History of socialism  

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Train wreck at Montparnasse (October 22, 1895) by Studio Lévy and Sons.
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Train wreck at Montparnasse (October 22, 1895) by Studio Lévy and Sons.

Marxism and the socialist movement

The French Revolution of 1789, Karl Marx and Frederick Engels wrote, "abolished feudal property in favour of bourgeois property". The French Revolution was preceded and influenced by the works of Jean-Jacques Rousseau, whose Social Contract famously began, "Man is born free, and he is everywhere in chains." Rousseau is credited with influencing socialist thought, but it was François-Noël Babeuf, and his Conspiracy of Equals, who is credited with providing a model for left-wing and communist movements of the 19th century.

Marx and Engels drew from these socialist or communist ideas born in the French revolution, as well as from the German philosophy of GWF Hegel, and English political economy, particularly that of Adam Smith and David Ricardo. Marx and Engels developed a body of ideas which they called scientific socialism, more commonly called Marxism. Marxism comprised a theory of history (historical materialism) as well as a political, economic and philosophical theory.

In the Manifesto of the Communist Party, written in 1848 just days before the outbreak of the revolutions of 1848, Marx and Engels wrote, "The distinguishing feature of Communism is not the abolition of property generally, but the abolition of bourgeois property." Unlike those Marx described as utopian socialists, Marx determined that, "The history of all hitherto existing society is the history of class struggles". While utopian socialists believed it was possible to work within or reform capitalist society, Marx confronted the question of the economic and political power of the capitalist class, expressed in their ownership of the means of producing wealth (factories, banks, commerce - in a word, 'Capital'). Marx and Engels formulated theories regarding the practical way of achieving and running a socialist system, which they saw as only being achieved by those who produce the wealth in society, the toilers, workers or "proletariat", gaining common ownership of their workplaces, the means of producing wealth.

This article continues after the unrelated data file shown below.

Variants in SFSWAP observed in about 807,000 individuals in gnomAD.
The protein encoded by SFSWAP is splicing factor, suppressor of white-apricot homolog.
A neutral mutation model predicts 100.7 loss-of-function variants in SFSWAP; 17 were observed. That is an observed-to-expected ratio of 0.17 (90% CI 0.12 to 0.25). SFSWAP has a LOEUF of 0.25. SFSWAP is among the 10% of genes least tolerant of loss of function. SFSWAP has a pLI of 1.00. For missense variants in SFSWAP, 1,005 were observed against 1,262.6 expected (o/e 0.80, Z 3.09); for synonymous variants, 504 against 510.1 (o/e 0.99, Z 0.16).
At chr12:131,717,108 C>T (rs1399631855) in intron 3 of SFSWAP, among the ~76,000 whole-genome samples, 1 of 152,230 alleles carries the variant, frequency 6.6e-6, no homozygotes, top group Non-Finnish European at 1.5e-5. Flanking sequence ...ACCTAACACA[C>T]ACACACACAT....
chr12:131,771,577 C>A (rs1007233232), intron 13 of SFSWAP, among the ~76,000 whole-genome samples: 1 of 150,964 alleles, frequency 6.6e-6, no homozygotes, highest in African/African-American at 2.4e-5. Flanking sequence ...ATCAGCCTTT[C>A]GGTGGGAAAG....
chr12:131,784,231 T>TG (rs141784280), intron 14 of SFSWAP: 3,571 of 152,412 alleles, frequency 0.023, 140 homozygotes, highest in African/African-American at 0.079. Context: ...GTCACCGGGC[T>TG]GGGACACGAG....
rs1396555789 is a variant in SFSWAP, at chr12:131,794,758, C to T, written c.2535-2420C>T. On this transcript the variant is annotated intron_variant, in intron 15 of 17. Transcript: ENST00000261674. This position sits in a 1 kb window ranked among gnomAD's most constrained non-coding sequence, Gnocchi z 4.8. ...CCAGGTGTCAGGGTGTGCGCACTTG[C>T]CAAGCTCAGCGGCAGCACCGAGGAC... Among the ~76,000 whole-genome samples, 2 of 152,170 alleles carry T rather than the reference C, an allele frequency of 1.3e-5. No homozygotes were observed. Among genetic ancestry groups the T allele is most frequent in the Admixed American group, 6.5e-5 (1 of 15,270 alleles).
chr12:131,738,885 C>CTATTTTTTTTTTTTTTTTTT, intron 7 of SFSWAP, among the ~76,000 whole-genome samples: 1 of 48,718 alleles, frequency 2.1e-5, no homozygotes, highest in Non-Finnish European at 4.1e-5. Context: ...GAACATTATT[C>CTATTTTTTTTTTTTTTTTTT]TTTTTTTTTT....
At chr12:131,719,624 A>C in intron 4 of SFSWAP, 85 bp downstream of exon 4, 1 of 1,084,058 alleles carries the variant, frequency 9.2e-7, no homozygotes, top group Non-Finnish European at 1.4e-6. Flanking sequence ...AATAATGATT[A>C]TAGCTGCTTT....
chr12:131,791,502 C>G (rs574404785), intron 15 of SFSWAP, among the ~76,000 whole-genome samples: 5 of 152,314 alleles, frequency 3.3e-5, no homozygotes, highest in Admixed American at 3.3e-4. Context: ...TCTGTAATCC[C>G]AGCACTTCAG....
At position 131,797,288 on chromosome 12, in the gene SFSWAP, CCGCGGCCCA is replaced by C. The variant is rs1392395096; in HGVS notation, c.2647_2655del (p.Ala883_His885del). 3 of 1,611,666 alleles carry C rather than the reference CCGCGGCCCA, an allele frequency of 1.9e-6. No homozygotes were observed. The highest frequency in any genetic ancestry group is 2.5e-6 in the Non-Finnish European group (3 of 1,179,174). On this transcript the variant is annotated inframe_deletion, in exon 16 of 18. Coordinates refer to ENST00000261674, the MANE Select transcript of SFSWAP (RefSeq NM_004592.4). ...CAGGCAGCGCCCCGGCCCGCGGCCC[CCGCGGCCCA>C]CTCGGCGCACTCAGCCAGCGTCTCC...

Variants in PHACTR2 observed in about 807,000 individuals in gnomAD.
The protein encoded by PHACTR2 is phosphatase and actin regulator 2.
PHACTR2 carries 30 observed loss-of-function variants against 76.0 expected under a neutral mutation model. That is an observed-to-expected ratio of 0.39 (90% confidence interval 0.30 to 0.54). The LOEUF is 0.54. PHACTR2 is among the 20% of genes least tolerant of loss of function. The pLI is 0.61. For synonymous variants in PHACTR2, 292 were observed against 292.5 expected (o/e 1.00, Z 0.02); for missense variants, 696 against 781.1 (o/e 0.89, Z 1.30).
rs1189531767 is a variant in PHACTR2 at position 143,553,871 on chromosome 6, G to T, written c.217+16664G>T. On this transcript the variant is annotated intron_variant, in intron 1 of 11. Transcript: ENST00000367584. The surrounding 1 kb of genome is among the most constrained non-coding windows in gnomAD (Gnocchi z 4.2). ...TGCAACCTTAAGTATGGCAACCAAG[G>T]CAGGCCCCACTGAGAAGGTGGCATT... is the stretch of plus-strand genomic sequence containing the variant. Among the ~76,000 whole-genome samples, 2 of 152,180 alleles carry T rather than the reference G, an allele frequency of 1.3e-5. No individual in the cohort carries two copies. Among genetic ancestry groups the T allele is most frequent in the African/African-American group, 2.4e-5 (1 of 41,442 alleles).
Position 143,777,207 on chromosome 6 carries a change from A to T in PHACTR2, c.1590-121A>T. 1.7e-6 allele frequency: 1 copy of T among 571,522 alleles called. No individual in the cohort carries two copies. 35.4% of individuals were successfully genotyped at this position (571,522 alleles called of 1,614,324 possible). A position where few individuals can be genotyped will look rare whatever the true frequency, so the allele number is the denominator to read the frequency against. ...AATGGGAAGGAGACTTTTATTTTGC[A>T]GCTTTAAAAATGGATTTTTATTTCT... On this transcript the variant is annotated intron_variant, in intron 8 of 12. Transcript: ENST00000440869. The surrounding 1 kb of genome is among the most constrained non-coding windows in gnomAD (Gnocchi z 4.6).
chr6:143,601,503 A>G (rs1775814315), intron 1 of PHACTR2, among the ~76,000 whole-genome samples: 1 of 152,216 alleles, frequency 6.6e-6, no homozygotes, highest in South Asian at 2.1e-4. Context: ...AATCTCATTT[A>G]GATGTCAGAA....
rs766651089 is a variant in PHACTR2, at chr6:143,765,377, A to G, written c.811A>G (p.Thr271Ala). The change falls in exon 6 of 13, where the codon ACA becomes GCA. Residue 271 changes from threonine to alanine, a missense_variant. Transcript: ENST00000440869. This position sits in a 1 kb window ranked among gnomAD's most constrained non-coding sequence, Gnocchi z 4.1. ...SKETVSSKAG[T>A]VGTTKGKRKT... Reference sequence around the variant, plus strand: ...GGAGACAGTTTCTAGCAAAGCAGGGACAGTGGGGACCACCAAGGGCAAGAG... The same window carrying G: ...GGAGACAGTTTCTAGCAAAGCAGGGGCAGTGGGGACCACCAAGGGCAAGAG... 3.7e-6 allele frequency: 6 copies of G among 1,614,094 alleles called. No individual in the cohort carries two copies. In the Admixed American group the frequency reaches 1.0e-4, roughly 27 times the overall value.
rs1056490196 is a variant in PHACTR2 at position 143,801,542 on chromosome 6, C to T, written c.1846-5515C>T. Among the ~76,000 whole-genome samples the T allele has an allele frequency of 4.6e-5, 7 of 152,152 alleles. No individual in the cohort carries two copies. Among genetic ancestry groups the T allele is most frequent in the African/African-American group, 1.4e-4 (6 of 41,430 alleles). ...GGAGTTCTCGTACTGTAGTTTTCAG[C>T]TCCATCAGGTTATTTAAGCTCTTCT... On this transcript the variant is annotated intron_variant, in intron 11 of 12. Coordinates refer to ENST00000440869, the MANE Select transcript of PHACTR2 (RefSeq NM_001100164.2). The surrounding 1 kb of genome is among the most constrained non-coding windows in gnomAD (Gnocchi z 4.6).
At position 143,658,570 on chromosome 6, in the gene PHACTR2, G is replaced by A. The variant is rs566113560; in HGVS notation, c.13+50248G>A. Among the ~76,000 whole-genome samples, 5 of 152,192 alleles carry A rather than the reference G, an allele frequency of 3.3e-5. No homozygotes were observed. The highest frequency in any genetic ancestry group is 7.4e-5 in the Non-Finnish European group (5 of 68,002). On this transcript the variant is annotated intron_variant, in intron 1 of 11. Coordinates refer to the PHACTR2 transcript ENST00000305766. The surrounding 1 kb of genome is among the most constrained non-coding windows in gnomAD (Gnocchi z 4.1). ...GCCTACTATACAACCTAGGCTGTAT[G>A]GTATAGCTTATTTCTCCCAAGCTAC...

Marx believed that capitalism could only be overthrown by means of a revolution carried out by the working class: "The proletarian movement is the self-conscious, independent movement of the immense majority, in the interest of the immense majority." Marx believed that the proletariat was the only class with both the cohesion, the means and the determination to carry the revolution forward. Unlike the utopian socialists, who often idealised agrarian life and deplored the growth of modern industry, Marx saw the growth of capitalism and an urban proletariat as a necessary stage towards socialism.

For Marxists, socialism or, as Marx termed it, the first phase of communist society, can be viewed as a transitional stage characterized by common or state ownership of the means of production under democratic workers' control and management, which Engels argued was beginning to be realised in the Paris Commune of 1871, before it was overthrown. Socialism to them is simply the transitional phase between capitalism and "higher phase of communist society". Because this society has characteristics of both its capitalist ancestor and is beginning to show the properties of communism, it will hold the means of production collectively but distributes commodities according to individual contribution. When the socialist state (the dictatorship of the proletariat) naturally withers away, what will remain is a society in which human beings no longer suffer from alienation and "all the springs of co-operative wealth flow more abundantly." Here "society inscribe[s] on its banners: From each according to his ability, to each according to his needs!" For Marx, a communist society entails the absence of differing social classes and thus the end of class warfare. According to Marx and Engels, once a socialist society had been ushered in, the state would begin to "wither away", and humanity would be in control of its own destiny for the first time.




Unless indicated otherwise, the text in this article is either based on Wikipedia article "History of socialism" or another language Wikipedia page thereof used under the terms of the GNU Free Documentation License; or on original research by Jahsonic and friends. See Art and Popular Culture's copyright notice.

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